Vocal Fry is a new trend in speech behavior, primarily among woman. The term ‘Vocal Fry’ stems from the fact that the oral sound is something like the sound of oil frying. Actually, Vocal fry is a low staccato vibration produced by a slow fluttering of the vocal chords.
This is a Vocal Fry Audio example
It has typically been a symptom of a voice disorder and not common. For instance, classically-trained singers know a lot about vocal fry because it is something they diligently try to fix if they are experiencing this speech disorder. However, Dr. Reena Gupta has found “relatively normal looking vocal cords” in young woman with this speech behavior. The majority of women in college may now be using vocal fry in their regular everyday language, according to a recent study.
There are many theories as to why this trend is occurring in such a large demographic. One theory is young woman in college want to sound more forceful as they prepare to enter their careers. Vocal Fry may be an unconscious emulation of the way a man is perceived to sound in a leadership role. Another theory is that the young lady is merely copying the way pop stars speak, such as Britney Spears and Kim Kardashian.
However, this speech behavior may not be helping these young women enter the professional world, as they might believe. As stated in Why Old Men Find Young Women’s Voices So Annoying; “One study recorded a college-aged woman’s voice while speaking in an even tone, and then again when employing the creak. When both samples were played for students in Berkeley and Iowa, those peers viewed the affectation as “a prestigious characteristic of contemporary female speech,” characterizing the creaky woman as “professional,” “urban,” “looking for her career,” and most tellingly: “not yet a professional, but on her way there.””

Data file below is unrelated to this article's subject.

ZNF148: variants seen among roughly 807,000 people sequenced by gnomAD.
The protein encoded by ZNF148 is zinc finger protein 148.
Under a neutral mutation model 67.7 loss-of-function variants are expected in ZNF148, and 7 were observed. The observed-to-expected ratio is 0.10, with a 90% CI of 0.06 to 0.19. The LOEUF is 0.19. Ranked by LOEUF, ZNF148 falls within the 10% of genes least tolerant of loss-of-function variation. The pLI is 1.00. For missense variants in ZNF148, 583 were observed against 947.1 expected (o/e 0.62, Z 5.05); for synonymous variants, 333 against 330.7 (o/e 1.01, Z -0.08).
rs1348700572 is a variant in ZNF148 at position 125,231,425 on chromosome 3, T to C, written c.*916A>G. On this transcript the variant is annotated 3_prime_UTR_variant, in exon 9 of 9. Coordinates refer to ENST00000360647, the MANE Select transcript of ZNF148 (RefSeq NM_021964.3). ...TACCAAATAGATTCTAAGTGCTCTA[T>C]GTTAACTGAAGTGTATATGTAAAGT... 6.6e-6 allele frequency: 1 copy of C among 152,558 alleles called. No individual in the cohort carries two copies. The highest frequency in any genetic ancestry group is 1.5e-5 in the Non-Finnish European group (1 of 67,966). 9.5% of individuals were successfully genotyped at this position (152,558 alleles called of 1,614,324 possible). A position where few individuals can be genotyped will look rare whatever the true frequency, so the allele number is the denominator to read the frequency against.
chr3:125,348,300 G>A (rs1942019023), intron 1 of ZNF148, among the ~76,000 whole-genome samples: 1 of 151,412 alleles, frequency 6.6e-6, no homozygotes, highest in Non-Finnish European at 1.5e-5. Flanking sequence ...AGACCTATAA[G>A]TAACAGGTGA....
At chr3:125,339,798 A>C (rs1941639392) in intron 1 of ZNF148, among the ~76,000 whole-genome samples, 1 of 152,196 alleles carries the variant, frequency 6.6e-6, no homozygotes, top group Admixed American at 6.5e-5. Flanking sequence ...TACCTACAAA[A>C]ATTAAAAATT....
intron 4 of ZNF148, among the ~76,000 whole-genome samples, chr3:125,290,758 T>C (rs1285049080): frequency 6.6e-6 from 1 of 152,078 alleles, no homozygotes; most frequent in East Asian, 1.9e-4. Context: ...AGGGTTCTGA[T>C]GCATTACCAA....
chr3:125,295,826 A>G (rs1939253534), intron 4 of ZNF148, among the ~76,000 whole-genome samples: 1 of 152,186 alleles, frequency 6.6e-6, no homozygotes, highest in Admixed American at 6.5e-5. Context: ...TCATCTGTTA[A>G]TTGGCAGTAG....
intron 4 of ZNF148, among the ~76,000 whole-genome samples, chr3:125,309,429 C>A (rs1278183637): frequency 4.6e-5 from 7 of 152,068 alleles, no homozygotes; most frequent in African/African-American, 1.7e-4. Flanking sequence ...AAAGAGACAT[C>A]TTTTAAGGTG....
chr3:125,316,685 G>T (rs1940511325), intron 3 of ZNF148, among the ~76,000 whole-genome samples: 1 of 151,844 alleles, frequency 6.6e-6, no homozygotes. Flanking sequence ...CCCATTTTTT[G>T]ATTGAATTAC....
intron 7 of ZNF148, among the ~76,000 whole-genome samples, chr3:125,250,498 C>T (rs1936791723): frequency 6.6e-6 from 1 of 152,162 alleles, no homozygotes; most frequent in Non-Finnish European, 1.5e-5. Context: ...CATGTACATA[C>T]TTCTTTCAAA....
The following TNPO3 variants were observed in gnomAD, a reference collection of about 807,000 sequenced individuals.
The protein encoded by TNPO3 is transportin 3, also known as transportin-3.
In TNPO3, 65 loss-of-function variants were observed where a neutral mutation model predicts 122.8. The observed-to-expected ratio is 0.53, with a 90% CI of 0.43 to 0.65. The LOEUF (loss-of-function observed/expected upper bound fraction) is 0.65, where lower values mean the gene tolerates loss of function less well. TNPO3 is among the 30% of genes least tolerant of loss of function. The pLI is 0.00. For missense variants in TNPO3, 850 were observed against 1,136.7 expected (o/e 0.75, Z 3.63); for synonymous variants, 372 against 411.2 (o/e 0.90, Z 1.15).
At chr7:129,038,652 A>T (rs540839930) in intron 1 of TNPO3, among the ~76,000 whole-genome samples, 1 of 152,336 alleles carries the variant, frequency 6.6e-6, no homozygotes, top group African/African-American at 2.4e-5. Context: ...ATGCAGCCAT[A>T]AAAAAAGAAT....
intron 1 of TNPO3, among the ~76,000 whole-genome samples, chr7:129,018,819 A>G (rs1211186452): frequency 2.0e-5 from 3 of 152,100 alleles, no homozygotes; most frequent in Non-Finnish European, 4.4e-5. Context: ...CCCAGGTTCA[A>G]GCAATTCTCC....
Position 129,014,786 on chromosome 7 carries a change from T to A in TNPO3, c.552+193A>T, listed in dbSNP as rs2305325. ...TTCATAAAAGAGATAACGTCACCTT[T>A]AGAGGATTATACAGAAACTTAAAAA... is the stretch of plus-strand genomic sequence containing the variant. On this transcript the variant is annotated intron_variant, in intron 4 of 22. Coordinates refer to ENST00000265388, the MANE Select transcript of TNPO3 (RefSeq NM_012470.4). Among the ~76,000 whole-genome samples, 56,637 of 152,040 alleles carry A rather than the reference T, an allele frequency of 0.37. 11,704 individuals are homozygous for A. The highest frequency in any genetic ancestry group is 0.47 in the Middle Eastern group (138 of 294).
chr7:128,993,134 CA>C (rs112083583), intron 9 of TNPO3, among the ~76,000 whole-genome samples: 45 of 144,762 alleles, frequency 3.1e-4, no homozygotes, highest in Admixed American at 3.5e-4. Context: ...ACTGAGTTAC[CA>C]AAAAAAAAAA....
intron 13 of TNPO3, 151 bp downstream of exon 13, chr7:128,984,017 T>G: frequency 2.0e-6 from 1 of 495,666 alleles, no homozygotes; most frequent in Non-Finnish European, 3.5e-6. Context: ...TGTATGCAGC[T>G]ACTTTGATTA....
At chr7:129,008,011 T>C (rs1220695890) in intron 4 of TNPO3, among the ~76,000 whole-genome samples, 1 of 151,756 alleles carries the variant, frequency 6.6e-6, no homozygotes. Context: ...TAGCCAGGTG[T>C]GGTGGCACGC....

So, young men may not find this speech pattern to be obnoxious, but, they still recognize it to be an indication that the young lady is not yet a professional.
The source of this speech pattern should be determined and treated before long-term damage occurs. A Speech Therapist should be consulted to identify if there is a medical explanation for this speech behavior. If there is no indication of abnormalities of the larynx or any other medical condition to explain the speech pattern, then this is a learned behavior of speech. To prevent further damage, this behavior must be unlearned. A Speech-Language Pathologist has the knowledge and procedures to diagnose and provide a treatment program.
According to Beth Fine, she reports an influx of referrals from ENTs of young women with vocal cord nodules due to excessive use of vocal fry. To learn more about vocal fry and voice disorders, contact Beth Fine, Speech-Language Pathologist, in Manhattan New York.